Friday, December 20, 2019

The Labour Party and “Social Democracy in One Country”

It is not up to me to tell social democrats what to do (or anyone else for that matter!), but here is my two-bits worth, anyway. I am sad that Labour lost to the Tories. One can only imagine how much British working people are going to suffer as a result. But a small part of me wonders if this result, as frightening as it is, might not be a better choice in the long run.

Considering how vicious the attacks were upon Labour before the election, imagine what would happen if they had been successful. It would have been all-out war. Every means would be applied by the British, EU and American ruling classes, to prevent Labour from carrying out its program. Had they not been able to enact their reforms, the result would have been cynicism and the party would have been crushed for another decade or more. On the other hand, had they been able to carry out their program, you can be assured that they would have been Venezuela-ed. Economic warfare, both internally and internationally, would have been combined with subversion and terrorism. Britain would have been wrecked (in order to save it for the ruling class) and the hyper-inflation, lack of consumer goods and chaos would be touted in the media as the result of “socialism.” (See, socialism doesn't work!)

The Labour Party and social democracy (I mean REAL social democracy, not neoliberalism in pink tights) is still oriented toward the nation state. This was fine for most of the twentieth century when capital was mainly national and industrial. In 1948, it simply wasn't possible to rip up an auto plant in Dagenham, Oshawa or Detroit and move to some Third World country. Nor was it all that easy to move finance capital about. The cappies had little choice but to go along with reforms, albeit doing their best to water them down. Since the 1970s capital is international, yet social democracy is not. This means that with capital flight, off shore accounts and currency manipulation they can ruin any country that dares not march in time to the neoliberal goose step.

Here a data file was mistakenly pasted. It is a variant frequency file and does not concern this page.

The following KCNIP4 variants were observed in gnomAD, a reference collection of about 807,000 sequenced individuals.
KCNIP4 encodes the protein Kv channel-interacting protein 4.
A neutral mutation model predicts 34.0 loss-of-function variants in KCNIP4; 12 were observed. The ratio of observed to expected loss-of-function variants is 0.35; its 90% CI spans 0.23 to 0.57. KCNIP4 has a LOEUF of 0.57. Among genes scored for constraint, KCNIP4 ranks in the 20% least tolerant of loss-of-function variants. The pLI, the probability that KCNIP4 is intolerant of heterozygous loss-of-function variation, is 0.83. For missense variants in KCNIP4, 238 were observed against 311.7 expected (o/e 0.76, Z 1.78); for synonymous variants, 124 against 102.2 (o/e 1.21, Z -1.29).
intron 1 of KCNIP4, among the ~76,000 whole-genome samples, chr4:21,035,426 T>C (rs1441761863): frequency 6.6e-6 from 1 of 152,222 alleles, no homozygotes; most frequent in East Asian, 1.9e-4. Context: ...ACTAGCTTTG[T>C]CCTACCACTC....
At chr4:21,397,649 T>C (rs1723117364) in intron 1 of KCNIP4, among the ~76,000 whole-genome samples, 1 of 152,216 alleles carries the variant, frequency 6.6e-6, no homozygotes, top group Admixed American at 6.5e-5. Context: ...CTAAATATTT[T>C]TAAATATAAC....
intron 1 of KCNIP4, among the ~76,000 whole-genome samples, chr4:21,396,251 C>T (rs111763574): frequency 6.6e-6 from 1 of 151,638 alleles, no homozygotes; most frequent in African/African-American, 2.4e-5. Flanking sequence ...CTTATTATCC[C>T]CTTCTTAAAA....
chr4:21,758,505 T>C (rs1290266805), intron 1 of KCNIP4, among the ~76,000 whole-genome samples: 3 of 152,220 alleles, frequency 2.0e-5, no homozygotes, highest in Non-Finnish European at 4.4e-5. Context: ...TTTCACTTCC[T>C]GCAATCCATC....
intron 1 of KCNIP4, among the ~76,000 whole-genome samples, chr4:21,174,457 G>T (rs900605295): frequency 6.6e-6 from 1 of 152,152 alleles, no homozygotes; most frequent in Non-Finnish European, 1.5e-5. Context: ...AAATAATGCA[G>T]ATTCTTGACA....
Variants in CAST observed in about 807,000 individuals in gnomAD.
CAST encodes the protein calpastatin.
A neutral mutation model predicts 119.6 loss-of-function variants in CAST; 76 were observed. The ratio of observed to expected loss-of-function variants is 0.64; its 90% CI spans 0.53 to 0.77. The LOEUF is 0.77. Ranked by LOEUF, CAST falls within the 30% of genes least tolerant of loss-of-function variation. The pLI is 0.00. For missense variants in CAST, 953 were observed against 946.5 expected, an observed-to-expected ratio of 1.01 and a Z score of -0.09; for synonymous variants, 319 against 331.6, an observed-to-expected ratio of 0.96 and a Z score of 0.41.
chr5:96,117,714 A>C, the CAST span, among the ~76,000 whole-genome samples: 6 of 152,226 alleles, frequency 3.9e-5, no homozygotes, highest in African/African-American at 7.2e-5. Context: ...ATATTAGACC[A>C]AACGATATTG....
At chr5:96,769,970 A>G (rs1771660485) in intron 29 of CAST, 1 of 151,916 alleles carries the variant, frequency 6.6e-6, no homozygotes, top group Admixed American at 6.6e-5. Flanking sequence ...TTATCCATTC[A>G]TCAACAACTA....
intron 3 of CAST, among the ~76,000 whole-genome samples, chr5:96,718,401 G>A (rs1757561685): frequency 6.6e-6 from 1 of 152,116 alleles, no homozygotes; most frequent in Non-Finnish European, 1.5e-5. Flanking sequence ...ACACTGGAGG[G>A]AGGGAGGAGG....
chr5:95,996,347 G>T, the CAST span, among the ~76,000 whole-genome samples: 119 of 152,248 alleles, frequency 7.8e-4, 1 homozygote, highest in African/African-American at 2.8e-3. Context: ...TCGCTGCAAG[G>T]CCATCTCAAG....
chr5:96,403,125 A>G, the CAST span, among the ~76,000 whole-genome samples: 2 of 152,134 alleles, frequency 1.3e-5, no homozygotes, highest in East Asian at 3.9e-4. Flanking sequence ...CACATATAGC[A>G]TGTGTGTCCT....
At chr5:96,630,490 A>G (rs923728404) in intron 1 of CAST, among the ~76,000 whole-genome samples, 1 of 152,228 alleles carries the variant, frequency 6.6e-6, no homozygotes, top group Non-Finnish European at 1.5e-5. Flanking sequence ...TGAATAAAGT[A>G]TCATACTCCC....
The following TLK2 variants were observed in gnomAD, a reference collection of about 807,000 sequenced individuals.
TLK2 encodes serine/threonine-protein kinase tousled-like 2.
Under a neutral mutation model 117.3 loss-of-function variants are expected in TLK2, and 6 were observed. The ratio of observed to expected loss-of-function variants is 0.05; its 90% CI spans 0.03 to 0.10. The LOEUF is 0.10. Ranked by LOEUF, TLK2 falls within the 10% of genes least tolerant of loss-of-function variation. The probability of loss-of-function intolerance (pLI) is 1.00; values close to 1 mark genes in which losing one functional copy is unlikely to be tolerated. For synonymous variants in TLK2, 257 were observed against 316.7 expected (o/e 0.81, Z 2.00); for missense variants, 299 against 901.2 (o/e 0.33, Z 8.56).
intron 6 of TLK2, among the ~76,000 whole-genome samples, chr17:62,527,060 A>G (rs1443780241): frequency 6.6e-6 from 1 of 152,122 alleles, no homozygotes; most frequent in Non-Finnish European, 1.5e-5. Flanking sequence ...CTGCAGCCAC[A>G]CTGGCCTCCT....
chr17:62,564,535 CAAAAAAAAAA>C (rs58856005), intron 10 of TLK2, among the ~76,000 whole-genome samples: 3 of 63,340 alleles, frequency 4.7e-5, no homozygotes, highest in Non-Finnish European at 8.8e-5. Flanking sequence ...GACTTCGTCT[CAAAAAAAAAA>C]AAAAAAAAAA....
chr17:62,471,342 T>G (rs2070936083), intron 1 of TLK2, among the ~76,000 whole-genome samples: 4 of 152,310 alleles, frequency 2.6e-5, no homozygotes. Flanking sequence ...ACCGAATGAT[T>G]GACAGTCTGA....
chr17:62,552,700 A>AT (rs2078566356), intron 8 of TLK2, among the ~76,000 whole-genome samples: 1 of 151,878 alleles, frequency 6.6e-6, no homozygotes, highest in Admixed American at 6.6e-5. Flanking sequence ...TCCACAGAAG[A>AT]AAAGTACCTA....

Social democracy's capitulation to the nation state goes back a long way – to August 1914, to be exact, so this is nothing new. In doing so, it pandered to, or at least waffled over the chauvinistic and xenophobic sentiments found equally among the working and professional classes. As long as social democracy was oriented toward the nation state, it only reinforced those sentiments, whether it wanted to or not. That the older generation of Labour supporters should be for Brexit and turn against the party for its ambiguity on the question should come as little surprise. Rather than pointing out that the source of their problems was found in Thatcher's neoliberalism, the party under Blair become Thatcher-lite. Imagine the education that could have been done had they not capitulated to the religion of greed and austerity. It seems that reversing course and returning to social democracy under Corbyn a couple of years ago was not enough to allay the fears of the EU boogy man and win back the betrayed Labour voters.

What is needed is definitely not the utopian “social democracy in one country.” Rather they should build a European-wide movement against neoliberalism. Capital can destroy a single country, but taking on a bloc – the second or third largest economy in the world, depending on how you measure it, is another matter entirely. A social democratic Europe – allied with progressive movements in Latin America, could prove victorious against neoliberal absolutism.

The potential for such a movement exists among the younger workers. The working classes are always in a state of flux, artisans, the first working class, were replaced by industrial workers and they in turn by white collars and lately the precariate. While the older workers were tied to the nation state, the youth are not, their outlook is much more international and multicultural. Though their awareness of the climate crisis, they know the only successful solutions must be those that cross borders. An entire generation has grown into adulthood with a background of international struggles such as the anti-corporate movement, Occupy, Extinction Rebellion and Climate Strike. Needless to say, they rejected Brexit, hands down. As for the older generation, the Grim Reaper will have his final say and those fortunate enough to escape the scythe until after the next election, will have to deal with the consequences of Brexit. Finding themselves worse off than ever, they may return to the fold, if Labour is sensitive to their qualms.
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